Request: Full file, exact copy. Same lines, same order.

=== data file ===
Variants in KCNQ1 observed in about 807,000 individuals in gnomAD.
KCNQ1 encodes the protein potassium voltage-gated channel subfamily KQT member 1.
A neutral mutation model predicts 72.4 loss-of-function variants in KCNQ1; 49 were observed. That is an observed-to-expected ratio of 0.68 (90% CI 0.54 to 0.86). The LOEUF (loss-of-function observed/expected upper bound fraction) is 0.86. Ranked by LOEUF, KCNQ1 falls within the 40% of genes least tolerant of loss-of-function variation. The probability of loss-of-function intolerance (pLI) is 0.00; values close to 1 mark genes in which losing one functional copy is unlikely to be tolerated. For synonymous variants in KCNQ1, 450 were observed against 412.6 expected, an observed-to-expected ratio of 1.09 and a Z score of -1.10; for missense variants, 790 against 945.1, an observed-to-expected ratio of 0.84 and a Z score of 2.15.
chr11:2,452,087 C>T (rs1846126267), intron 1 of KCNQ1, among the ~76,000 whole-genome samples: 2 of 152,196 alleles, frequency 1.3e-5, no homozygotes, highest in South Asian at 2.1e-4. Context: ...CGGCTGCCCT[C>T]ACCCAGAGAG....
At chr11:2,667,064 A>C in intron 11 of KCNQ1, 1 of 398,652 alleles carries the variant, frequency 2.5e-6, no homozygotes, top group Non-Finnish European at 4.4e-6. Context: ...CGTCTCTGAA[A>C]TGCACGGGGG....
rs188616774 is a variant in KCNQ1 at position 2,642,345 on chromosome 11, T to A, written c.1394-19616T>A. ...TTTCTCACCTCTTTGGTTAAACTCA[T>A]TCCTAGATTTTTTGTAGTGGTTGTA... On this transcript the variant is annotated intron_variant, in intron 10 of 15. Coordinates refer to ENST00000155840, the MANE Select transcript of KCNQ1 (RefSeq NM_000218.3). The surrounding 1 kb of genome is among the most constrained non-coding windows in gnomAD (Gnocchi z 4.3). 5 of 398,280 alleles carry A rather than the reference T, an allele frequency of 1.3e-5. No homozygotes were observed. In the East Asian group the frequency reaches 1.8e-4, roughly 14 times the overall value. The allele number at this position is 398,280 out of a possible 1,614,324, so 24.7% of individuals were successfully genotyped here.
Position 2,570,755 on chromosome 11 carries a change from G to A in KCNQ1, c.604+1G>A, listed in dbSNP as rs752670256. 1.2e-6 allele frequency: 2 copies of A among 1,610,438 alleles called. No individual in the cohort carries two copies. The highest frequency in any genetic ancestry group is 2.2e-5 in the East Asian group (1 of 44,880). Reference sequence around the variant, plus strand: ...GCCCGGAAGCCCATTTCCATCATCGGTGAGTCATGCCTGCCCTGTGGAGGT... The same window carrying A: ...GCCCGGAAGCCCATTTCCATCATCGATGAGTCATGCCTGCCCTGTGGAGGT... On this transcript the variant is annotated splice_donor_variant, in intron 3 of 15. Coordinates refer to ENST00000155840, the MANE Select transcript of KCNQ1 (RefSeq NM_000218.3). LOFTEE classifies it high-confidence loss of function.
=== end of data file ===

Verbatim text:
Variants in KCNQ1 observed in about 807,000 individuals in gnomAD.
KCNQ1 encodes the protein potassium voltage-gated channel subfamily KQT member 1.
A neutral mutation model predicts 72.4 loss-of-function variants in KCNQ1; 49 were observed. That is an observed-to-expected ratio of 0.68 (90% CI 0.54 to 0.86). The LOEUF (loss-of-function observed/expected upper bound fraction) is 0.86. Ranked by LOEUF, KCNQ1 falls within the 40% of genes least tolerant of loss-of-function variation. The probability of loss-of-function intolerance (pLI) is 0.00; values close to 1 mark genes in which losing one functional copy is unlikely to be tolerated. For synonymous variants in KCNQ1, 450 were observed against 412.6 expected, an observed-to-expected ratio of 1.09 and a Z score of -1.10; for missense variants, 790 against 945.1, an observed-to-expected ratio of 0.84 and a Z score of 2.15.
chr11:2,452,087 C>T (rs1846126267), intron 1 of KCNQ1, among the ~76,000 whole-genome samples: 2 of 152,196 alleles, frequency 1.3e-5, no homozygotes, highest in South Asian at 2.1e-4. Context: ...CGGCTGCCCT[C>T]ACCCAGAGAG....
At chr11:2,667,064 A>C in intron 11 of KCNQ1, 1 of 398,652 alleles carries the variant, frequency 2.5e-6, no homozygotes, top group Non-Finnish European at 4.4e-6. Context: ...CGTCTCTGAA[A>C]TGCACGGGGG....
rs188616774 is a variant in KCNQ1 at position 2,642,345 on chromosome 11, T to A, written c.1394-19616T>A. ...TTTCTCACCTCTTTGGTTAAACTCA[T>A]TCCTAGATTTTTTGTAGTGGTTGTA... On this transcript the variant is annotated intron_variant, in intron 10 of 15. Coordinates refer to ENST00000155840, the MANE Select transcript of KCNQ1 (RefSeq NM_000218.3). The surrounding 1 kb of genome is among the most constrained non-coding windows in gnomAD (Gnocchi z 4.3). 5 of 398,280 alleles carry A rather than the reference T, an allele frequency of 1.3e-5. No homozygotes were observed. In the East Asian group the frequency reaches 1.8e-4, roughly 14 times the overall value. The allele number at this position is 398,280 out of a possible 1,614,324, so 24.7% of individuals were successfully genotyped here.
Position 2,570,755 on chromosome 11 carries a change from G to A in KCNQ1, c.604+1G>A, listed in dbSNP as rs752670256. 1.2e-6 allele frequency: 2 copies of A among 1,610,438 alleles called. No individual in the cohort carries two copies. The highest frequency in any genetic ancestry group is 2.2e-5 in the East Asian group (1 of 44,880). Reference sequence around the variant, plus strand: ...GCCCGGAAGCCCATTTCCATCATCGGTGAGTCATGCCTGCCCTGTGGAGGT... The same window carrying A: ...GCCCGGAAGCCCATTTCCATCATCGATGAGTCATGCCTGCCCTGTGGAGGT... On this transcript the variant is annotated splice_donor_variant, in intron 3 of 15. Coordinates refer to ENST00000155840, the MANE Select transcript of KCNQ1 (RefSeq NM_000218.3). LOFTEE classifies it high-confidence loss of function.